Damien Hirst Returned to His Butterfly Motif to Create a Vivid Stained-Glass Skylight for Claridge’s in London

Hirst and butterflies have a rich history, however this is the artist's first work in stained glass.

Damien Hirst's butterfly-themed stained-glass skylight. Courtesy of Claridge's.

Ride the elevator, if you wish, but at Claridge’s in London, the smart set now takes the stairs. Hanging in the heavens at the top of the main staircase of that glamorous Mayfair hotel is a vividly colored kaleidoscope of butterflies. The work of British artist Damien Hirst, the stained-glass skylight featuring hundreds of butterflies is a new addition to the hotel and Hirst’s first foray in stained glass.

Close-up view of the artist’s stained-glass skylight. Courtesy of Claridge’s.

The rectangular window—which measures six feet by eight feet and features a mass of cerulean, scarlet and lilac glass butterfly “wings”—is set into the ceiling of the 8th-floor staircase landing. Illuminated by LED lights, it draws guests up past the Royal Suite to the dormer balconies.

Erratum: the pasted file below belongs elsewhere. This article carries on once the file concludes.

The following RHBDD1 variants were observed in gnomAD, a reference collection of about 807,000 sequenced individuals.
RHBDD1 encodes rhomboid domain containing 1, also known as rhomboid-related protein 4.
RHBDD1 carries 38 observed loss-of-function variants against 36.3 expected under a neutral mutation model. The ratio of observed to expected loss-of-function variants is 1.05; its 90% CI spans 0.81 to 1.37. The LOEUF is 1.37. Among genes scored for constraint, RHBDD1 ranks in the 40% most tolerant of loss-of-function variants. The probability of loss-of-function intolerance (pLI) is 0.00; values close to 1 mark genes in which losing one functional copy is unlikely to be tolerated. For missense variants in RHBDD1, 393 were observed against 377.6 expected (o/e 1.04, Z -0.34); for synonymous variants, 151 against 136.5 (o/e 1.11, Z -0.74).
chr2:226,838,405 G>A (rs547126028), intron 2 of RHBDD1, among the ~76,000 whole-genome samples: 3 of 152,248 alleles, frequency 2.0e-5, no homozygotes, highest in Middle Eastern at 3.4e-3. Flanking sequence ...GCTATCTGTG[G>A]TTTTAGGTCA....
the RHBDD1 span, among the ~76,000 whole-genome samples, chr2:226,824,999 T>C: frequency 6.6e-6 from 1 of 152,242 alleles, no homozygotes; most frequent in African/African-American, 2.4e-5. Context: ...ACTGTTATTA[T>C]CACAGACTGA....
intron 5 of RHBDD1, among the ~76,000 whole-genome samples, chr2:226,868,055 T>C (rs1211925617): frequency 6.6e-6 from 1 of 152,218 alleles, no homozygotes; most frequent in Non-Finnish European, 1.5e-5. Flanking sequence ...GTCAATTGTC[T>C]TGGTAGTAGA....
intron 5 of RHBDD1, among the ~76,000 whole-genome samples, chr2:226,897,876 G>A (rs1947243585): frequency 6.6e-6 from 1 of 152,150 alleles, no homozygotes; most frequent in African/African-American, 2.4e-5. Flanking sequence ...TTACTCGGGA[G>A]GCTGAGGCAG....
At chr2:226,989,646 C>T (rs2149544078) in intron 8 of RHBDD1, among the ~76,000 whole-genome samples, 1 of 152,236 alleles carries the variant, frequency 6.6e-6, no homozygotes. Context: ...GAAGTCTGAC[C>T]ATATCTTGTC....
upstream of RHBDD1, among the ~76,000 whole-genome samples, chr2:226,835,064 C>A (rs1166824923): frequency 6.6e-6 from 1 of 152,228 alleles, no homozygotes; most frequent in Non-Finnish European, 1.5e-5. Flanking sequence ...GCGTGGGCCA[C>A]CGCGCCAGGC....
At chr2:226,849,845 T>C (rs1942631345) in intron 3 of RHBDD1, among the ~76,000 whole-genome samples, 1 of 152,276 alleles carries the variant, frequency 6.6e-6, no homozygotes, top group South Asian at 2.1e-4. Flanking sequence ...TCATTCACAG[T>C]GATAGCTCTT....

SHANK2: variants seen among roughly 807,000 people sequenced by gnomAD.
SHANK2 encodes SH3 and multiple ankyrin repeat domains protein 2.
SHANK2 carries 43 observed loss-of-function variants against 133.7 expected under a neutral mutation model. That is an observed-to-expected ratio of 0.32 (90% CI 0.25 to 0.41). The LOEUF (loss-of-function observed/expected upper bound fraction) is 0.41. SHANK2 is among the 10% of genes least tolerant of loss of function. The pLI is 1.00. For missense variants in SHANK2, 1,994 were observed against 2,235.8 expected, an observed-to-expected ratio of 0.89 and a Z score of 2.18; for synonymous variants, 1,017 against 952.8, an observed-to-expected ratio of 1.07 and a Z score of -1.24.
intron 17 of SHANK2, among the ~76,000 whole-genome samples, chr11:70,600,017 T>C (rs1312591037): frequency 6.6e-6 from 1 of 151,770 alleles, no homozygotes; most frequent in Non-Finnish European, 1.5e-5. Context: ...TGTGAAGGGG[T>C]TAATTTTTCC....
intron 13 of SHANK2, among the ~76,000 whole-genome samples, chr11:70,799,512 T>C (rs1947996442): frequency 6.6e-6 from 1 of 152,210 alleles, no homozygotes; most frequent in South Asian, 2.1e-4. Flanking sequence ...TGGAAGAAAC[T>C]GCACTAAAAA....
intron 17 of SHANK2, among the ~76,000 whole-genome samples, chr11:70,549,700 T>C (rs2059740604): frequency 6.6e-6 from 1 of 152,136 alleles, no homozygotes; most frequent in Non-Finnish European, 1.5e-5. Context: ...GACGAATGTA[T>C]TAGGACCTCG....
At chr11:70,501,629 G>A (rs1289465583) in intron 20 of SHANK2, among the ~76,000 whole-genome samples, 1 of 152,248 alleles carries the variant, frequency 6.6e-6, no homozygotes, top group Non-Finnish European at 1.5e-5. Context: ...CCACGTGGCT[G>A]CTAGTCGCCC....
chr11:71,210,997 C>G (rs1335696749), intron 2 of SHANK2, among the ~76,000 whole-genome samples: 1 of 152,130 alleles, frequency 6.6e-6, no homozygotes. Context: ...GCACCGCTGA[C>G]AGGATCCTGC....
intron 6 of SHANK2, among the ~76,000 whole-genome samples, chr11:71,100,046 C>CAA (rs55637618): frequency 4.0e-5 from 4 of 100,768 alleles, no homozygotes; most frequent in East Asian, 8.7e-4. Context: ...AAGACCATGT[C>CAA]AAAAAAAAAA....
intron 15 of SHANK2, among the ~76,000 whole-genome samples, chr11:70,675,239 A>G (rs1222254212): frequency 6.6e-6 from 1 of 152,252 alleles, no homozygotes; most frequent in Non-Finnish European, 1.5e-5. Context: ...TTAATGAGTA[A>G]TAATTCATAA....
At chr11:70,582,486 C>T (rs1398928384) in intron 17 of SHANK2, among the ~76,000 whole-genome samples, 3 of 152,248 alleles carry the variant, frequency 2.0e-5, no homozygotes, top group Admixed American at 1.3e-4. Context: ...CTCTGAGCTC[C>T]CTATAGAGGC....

Butterflies and Hirst have a rich history, the winged insects appearing in early work in the 1980s, but most famously in his solo debut of 1991, In and Out of Love. At that show, live butterflies emerged from pupae affixed to canvases. Viewers were invited to stand amid an ever-changing life cycle of birth, sex and death, as the butterflies—trapped in a Soho gallery room—lived out their short existence as an art installation.

At the same time, Hirst exhibited paintings that incorporated whole butterfly specimens, a technique he took up again in 2011 when he used real wings to create works reminiscent of stained-glass rose windows. At one point, his studio was said to be the UK’s biggest importer of exotic butterflies.

This being Hirst—he of rotting cows, pills, and a macabre obsession with skulls—the butterflies have proved controversial. His “dead things are very dead,” commented Frieze magazine of a 2012 Tate Modern retrospective that restaged the butterfly life cycle installation. “It doesn’t reveal an awful lot.”

By contrast, this new glass work is as joyous as an afternoon martini in Claridge’s Fumoir bar. “I love light and I love butterflies,” Hirst said. “I love how it’s turned out; I wanted to create an optimistic kaleidoscope of hope and light and butterflies and I think the result speaks for itself.”


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